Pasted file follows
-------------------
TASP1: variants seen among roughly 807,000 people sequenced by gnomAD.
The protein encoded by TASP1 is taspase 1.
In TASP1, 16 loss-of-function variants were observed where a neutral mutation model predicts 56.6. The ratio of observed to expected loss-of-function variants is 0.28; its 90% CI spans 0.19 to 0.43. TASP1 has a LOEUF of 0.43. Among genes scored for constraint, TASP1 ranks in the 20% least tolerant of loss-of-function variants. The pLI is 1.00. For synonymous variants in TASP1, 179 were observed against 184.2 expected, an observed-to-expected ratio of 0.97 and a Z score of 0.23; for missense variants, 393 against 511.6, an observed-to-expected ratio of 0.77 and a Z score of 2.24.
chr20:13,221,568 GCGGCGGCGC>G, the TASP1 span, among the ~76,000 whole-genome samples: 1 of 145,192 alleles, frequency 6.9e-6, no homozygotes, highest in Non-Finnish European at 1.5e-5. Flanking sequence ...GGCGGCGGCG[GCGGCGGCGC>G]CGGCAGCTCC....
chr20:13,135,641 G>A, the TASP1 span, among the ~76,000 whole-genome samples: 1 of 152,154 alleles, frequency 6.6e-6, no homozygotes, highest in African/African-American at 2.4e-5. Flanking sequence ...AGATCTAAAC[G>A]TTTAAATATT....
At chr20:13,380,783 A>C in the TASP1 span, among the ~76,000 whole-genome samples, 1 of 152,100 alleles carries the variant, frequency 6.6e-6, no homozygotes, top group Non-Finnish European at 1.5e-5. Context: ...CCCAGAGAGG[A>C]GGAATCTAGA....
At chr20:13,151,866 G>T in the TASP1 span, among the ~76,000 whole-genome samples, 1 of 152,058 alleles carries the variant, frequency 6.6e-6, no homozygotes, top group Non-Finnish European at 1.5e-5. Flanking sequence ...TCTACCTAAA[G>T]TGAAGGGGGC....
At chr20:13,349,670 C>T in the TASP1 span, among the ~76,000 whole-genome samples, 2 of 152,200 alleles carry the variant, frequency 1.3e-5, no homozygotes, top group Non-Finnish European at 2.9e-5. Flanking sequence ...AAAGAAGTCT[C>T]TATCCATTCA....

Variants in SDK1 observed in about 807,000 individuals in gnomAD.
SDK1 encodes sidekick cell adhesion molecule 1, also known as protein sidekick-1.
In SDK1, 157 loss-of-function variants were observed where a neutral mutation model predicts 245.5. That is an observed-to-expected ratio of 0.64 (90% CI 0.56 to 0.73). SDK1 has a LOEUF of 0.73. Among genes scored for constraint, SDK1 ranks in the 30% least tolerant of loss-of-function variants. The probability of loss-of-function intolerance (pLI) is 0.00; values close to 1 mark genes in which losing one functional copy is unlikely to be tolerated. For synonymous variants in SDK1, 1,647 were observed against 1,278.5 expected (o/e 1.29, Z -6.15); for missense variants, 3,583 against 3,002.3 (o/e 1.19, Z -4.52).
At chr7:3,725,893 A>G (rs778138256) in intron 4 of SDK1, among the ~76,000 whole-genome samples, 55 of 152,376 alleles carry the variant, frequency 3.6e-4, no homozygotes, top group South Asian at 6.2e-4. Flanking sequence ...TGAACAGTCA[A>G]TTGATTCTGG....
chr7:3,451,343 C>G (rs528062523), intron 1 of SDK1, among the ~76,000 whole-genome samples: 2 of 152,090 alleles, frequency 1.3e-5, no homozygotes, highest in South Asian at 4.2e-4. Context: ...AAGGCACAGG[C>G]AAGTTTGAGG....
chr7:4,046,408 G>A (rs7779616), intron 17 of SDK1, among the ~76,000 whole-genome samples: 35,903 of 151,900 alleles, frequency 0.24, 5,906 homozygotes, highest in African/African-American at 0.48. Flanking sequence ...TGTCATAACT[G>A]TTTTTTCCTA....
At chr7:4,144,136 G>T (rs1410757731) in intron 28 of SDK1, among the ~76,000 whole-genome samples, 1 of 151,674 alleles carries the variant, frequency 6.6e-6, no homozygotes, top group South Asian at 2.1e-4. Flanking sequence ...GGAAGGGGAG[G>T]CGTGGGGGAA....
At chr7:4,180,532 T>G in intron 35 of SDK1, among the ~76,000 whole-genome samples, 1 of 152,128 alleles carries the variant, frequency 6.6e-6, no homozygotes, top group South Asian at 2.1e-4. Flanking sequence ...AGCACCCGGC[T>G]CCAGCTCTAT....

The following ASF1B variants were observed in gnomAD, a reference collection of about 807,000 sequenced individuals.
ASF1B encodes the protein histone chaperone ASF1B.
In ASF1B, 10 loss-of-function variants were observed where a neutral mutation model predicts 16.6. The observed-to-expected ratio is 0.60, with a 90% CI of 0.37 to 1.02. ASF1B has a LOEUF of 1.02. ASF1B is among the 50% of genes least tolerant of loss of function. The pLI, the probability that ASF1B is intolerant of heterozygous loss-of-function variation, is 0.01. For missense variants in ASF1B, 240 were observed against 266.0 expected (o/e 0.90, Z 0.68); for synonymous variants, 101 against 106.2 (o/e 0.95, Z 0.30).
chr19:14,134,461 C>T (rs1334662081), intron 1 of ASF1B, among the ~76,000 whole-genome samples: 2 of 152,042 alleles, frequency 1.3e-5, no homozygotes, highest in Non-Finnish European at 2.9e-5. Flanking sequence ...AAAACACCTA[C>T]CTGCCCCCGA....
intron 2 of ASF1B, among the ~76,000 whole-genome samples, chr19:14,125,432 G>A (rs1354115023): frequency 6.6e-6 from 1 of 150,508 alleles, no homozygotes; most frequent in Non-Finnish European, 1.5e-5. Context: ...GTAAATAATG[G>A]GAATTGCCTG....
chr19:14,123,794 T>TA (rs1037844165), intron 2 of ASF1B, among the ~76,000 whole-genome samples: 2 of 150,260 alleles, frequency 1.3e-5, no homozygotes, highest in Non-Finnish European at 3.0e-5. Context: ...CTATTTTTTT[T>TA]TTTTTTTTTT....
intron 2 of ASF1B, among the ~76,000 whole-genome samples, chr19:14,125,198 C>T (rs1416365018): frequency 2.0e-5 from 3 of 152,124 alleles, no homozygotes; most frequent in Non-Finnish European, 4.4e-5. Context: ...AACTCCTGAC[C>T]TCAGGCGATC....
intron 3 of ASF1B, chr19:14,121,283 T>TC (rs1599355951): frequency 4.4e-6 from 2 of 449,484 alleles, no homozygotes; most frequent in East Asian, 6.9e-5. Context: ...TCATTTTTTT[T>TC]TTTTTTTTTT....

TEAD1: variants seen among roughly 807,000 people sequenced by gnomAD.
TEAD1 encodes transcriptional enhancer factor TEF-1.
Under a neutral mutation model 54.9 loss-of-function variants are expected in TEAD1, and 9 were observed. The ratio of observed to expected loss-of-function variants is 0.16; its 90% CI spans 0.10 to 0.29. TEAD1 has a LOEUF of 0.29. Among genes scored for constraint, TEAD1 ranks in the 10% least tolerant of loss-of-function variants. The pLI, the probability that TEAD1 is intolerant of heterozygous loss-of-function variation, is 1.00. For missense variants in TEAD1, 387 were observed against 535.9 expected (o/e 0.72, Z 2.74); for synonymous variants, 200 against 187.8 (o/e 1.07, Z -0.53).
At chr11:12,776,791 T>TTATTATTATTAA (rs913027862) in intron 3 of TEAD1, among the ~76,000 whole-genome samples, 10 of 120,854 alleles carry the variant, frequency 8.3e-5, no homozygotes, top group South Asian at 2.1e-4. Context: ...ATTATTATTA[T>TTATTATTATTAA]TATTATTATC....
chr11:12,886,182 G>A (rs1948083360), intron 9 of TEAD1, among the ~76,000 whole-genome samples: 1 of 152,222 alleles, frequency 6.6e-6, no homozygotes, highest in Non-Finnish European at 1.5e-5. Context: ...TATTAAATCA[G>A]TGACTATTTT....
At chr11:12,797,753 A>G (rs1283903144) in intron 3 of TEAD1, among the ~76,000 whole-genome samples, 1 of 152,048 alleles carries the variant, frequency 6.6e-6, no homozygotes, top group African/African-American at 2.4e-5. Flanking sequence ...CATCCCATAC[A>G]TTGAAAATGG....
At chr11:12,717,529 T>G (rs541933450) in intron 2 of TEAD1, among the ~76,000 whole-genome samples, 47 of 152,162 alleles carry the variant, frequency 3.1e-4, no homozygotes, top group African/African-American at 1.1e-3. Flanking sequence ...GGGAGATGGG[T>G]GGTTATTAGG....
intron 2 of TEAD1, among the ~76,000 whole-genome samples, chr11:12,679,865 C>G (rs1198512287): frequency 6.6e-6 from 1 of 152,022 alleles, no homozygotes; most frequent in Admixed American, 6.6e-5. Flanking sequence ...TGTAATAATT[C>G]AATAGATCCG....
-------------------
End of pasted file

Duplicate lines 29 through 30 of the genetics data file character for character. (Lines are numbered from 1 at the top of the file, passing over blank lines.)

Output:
chr11:12,886,182 G>A (rs1948083360), intron 9 of TEAD1, among the ~76,000 whole-genome samples: 1 of 152,222 alleles, frequency 6.6e-6, no homozygotes, highest in Non-Finnish European at 1.5e-5. Context: ...TATTAAATCA[G>A]TGACTATTTT....
At chr11:12,797,753 A>G (rs1283903144) in intron 3 of TEAD1, among the ~76,000 whole-genome samples, 1 of 152,048 alleles carries the variant, frequency 6.6e-6, no homozygotes, top group African/African-American at 2.4e-5. Flanking sequence ...CATCCCATAC[A>G]TTGAAAATGG....